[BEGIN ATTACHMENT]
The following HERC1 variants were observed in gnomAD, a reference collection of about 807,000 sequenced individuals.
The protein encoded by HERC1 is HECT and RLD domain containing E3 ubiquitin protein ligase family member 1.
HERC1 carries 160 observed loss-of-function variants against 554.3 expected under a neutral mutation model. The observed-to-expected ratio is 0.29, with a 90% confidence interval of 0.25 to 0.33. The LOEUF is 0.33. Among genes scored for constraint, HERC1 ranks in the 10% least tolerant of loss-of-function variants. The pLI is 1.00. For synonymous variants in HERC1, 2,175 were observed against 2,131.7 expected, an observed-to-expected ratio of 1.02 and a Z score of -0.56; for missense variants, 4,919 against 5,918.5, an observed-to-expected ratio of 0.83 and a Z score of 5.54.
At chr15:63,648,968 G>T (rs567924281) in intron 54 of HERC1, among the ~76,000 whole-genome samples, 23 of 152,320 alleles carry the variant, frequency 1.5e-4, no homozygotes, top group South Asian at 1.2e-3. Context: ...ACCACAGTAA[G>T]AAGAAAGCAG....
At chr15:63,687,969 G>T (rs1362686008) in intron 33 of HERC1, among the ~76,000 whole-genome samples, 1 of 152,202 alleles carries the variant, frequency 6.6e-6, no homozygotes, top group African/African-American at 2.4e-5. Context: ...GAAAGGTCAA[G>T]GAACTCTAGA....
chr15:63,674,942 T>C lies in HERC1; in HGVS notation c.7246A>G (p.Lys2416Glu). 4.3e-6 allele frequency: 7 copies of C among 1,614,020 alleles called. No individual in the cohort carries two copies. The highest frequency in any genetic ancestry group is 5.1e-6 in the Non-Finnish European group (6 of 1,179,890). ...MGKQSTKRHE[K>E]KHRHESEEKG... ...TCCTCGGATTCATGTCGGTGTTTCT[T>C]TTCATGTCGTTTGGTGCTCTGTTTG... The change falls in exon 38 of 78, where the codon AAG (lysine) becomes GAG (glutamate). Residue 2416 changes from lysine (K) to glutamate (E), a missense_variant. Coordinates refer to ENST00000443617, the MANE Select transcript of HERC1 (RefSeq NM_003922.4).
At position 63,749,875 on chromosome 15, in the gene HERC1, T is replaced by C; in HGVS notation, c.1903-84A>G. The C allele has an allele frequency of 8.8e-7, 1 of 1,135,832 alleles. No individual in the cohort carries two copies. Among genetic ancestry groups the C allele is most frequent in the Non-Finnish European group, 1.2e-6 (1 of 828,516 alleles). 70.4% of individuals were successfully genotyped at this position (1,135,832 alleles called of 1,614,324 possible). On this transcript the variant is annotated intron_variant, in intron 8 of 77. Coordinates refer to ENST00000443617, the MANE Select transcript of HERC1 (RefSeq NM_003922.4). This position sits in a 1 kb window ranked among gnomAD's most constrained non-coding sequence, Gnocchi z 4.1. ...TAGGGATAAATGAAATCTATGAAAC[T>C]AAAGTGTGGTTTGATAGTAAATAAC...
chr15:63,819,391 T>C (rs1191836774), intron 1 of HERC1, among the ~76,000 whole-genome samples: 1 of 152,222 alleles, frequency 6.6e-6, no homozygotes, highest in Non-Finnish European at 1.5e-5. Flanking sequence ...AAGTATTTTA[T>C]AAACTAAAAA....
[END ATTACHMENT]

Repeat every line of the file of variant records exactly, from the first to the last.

The following HERC1 variants were observed in gnomAD, a reference collection of about 807,000 sequenced individuals.
The protein encoded by HERC1 is HECT and RLD domain containing E3 ubiquitin protein ligase family member 1.
HERC1 carries 160 observed loss-of-function variants against 554.3 expected under a neutral mutation model. The observed-to-expected ratio is 0.29, with a 90% confidence interval of 0.25 to 0.33. The LOEUF is 0.33. Among genes scored for constraint, HERC1 ranks in the 10% least tolerant of loss-of-function variants. The pLI is 1.00. For synonymous variants in HERC1, 2,175 were observed against 2,131.7 expected, an observed-to-expected ratio of 1.02 and a Z score of -0.56; for missense variants, 4,919 against 5,918.5, an observed-to-expected ratio of 0.83 and a Z score of 5.54.
At chr15:63,648,968 G>T (rs567924281) in intron 54 of HERC1, among the ~76,000 whole-genome samples, 23 of 152,320 alleles carry the variant, frequency 1.5e-4, no homozygotes, top group South Asian at 1.2e-3. Context: ...ACCACAGTAA[G>T]AAGAAAGCAG....
At chr15:63,687,969 G>T (rs1362686008) in intron 33 of HERC1, among the ~76,000 whole-genome samples, 1 of 152,202 alleles carries the variant, frequency 6.6e-6, no homozygotes, top group African/African-American at 2.4e-5. Context: ...GAAAGGTCAA[G>T]GAACTCTAGA....
chr15:63,674,942 T>C lies in HERC1; in HGVS notation c.7246A>G (p.Lys2416Glu). 4.3e-6 allele frequency: 7 copies of C among 1,614,020 alleles called. No individual in the cohort carries two copies. The highest frequency in any genetic ancestry group is 5.1e-6 in the Non-Finnish European group (6 of 1,179,890). ...MGKQSTKRHE[K>E]KHRHESEEKG... ...TCCTCGGATTCATGTCGGTGTTTCT[T>C]TTCATGTCGTTTGGTGCTCTGTTTG... The change falls in exon 38 of 78, where the codon AAG (lysine) becomes GAG (glutamate). Residue 2416 changes from lysine (K) to glutamate (E), a missense_variant. Coordinates refer to ENST00000443617, the MANE Select transcript of HERC1 (RefSeq NM_003922.4).
At position 63,749,875 on chromosome 15, in the gene HERC1, T is replaced by C; in HGVS notation, c.1903-84A>G. The C allele has an allele frequency of 8.8e-7, 1 of 1,135,832 alleles. No individual in the cohort carries two copies. Among genetic ancestry groups the C allele is most frequent in the Non-Finnish European group, 1.2e-6 (1 of 828,516 alleles). 70.4% of individuals were successfully genotyped at this position (1,135,832 alleles called of 1,614,324 possible). On this transcript the variant is annotated intron_variant, in intron 8 of 77. Coordinates refer to ENST00000443617, the MANE Select transcript of HERC1 (RefSeq NM_003922.4). This position sits in a 1 kb window ranked among gnomAD's most constrained non-coding sequence, Gnocchi z 4.1. ...TAGGGATAAATGAAATCTATGAAAC[T>C]AAAGTGTGGTTTGATAGTAAATAAC...
chr15:63,819,391 T>C (rs1191836774), intron 1 of HERC1, among the ~76,000 whole-genome samples: 1 of 152,222 alleles, frequency 6.6e-6, no homozygotes, highest in Non-Finnish European at 1.5e-5. Flanking sequence ...AAGTATTTTA[T>C]AAACTAAAAA....